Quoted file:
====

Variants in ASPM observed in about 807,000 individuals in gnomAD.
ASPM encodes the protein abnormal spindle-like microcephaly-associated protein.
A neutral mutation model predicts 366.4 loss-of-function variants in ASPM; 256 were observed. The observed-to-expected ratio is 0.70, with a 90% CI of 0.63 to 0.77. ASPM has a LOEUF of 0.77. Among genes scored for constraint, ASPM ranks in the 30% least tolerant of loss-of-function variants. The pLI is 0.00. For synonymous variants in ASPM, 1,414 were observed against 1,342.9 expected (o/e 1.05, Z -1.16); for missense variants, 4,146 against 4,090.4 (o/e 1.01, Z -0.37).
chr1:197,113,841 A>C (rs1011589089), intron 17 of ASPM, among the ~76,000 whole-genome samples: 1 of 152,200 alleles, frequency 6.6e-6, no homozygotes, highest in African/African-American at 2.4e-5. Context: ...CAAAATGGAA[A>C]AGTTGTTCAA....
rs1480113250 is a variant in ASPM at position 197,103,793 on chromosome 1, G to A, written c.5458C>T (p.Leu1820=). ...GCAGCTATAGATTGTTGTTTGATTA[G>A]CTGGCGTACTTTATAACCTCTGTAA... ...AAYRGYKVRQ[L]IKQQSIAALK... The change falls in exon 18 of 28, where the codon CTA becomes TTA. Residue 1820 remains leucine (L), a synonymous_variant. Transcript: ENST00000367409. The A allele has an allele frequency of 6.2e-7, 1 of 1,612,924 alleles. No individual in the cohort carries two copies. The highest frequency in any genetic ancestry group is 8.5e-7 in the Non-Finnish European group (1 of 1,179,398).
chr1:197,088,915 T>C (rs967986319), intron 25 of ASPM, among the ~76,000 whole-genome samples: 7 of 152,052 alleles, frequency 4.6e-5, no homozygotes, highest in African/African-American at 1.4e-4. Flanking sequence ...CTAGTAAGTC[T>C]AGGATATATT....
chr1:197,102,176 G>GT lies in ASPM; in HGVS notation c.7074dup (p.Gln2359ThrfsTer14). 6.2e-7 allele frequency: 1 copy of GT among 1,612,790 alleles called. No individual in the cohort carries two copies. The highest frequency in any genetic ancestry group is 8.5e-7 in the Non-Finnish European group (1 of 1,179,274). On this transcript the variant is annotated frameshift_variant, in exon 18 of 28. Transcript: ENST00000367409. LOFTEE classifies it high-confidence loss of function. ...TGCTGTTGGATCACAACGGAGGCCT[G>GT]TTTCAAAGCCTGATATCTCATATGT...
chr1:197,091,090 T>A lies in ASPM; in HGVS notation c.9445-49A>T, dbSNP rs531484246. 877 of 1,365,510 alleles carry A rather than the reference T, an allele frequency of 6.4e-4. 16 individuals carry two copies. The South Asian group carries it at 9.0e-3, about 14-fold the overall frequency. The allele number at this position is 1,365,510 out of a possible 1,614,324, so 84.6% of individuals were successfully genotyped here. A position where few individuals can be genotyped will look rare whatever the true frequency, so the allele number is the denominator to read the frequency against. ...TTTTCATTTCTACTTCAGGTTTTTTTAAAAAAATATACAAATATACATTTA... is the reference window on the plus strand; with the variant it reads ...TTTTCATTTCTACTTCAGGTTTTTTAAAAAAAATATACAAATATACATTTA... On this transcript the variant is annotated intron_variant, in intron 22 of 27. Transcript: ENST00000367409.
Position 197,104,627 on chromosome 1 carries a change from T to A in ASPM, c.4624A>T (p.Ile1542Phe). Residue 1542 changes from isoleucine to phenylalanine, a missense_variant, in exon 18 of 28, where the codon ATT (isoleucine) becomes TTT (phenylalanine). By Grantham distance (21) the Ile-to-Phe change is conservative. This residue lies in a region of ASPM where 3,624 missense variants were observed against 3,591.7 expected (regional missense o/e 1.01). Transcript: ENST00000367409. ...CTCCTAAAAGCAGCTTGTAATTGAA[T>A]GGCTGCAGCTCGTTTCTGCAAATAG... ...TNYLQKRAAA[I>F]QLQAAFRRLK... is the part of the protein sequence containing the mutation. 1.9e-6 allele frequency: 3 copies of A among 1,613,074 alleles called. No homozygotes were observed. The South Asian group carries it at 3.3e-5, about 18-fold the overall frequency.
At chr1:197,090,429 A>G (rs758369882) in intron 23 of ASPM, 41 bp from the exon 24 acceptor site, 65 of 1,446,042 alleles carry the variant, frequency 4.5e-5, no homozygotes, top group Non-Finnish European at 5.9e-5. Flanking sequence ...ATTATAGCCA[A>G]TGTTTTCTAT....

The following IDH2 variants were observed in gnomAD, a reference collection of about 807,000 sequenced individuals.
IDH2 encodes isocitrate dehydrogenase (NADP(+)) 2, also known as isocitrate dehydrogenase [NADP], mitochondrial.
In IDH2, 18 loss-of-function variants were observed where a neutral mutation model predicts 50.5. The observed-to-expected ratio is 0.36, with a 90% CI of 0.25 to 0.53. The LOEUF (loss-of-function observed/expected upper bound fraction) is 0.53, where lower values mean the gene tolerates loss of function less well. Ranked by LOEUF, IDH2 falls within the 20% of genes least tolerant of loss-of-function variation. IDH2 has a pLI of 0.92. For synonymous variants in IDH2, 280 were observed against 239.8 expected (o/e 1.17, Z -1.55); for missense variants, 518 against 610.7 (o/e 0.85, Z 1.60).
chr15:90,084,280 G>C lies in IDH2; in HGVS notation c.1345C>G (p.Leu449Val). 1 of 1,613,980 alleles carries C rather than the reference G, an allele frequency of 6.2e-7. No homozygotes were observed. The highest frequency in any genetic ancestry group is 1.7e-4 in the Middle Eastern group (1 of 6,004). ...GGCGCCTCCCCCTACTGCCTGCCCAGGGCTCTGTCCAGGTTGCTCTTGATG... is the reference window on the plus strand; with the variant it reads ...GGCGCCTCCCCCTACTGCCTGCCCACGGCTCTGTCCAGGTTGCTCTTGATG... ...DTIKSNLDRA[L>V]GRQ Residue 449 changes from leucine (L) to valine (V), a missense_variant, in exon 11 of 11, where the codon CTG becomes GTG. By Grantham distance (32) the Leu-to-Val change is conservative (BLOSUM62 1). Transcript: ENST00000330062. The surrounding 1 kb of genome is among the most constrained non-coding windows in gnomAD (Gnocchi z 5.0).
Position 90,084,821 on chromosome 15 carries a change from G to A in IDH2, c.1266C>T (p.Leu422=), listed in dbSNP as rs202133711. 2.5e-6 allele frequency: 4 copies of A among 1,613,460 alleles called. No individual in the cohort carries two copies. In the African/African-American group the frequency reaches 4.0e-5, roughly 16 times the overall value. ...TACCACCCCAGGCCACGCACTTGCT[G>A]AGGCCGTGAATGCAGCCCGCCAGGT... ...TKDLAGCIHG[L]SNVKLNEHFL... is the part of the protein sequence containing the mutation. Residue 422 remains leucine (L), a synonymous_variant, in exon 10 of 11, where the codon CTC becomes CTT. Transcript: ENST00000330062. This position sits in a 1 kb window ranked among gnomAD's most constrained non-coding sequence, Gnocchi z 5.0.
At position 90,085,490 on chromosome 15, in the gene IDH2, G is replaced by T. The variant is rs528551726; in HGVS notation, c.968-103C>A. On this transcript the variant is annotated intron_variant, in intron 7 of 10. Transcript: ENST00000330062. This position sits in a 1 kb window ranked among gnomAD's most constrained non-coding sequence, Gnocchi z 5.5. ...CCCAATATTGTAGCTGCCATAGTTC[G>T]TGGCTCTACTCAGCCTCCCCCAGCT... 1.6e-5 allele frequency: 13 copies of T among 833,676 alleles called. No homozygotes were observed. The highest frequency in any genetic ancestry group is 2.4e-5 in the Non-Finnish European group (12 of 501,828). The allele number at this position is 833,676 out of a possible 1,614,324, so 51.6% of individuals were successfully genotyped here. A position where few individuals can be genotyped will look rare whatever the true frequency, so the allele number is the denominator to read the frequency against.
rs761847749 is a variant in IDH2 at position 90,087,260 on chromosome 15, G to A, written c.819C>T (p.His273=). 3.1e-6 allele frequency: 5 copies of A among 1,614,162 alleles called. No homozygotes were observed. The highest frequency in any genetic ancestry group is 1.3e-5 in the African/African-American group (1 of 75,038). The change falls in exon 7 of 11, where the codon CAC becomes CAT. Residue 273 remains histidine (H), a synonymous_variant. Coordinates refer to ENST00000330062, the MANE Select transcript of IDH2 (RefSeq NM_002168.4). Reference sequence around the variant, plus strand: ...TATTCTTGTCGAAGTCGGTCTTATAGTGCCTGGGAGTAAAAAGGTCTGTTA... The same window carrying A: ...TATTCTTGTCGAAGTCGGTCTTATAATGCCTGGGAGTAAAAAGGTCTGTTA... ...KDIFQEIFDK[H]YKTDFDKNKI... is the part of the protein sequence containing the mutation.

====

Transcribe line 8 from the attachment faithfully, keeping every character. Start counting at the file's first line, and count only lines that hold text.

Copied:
chr1:197,091,090 T>A lies in ASPM; in HGVS notation c.9445-49A>T, dbSNP rs531484246. 877 of 1,365,510 alleles carry A rather than the reference T, an allele frequency of 6.4e-4. 16 individuals carry two copies. The South Asian group carries it at 9.0e-3, about 14-fold the overall frequency. The allele number at this position is 1,365,510 out of a possible 1,614,324, so 84.6% of individuals were successfully genotyped here. A position where few individuals can be genotyped will look rare whatever the true frequency, so the allele number is the denominator to read the frequency against. ...TTTTCATTTCTACTTCAGGTTTTTTTAAAAAAATATACAAATATACATTTA... is the reference window on the plus strand; with the variant it reads ...TTTTCATTTCTACTTCAGGTTTTTTAAAAAAAATATACAAATATACATTTA... On this transcript the variant is annotated intron_variant, in intron 22 of 27. Transcript: ENST00000367409.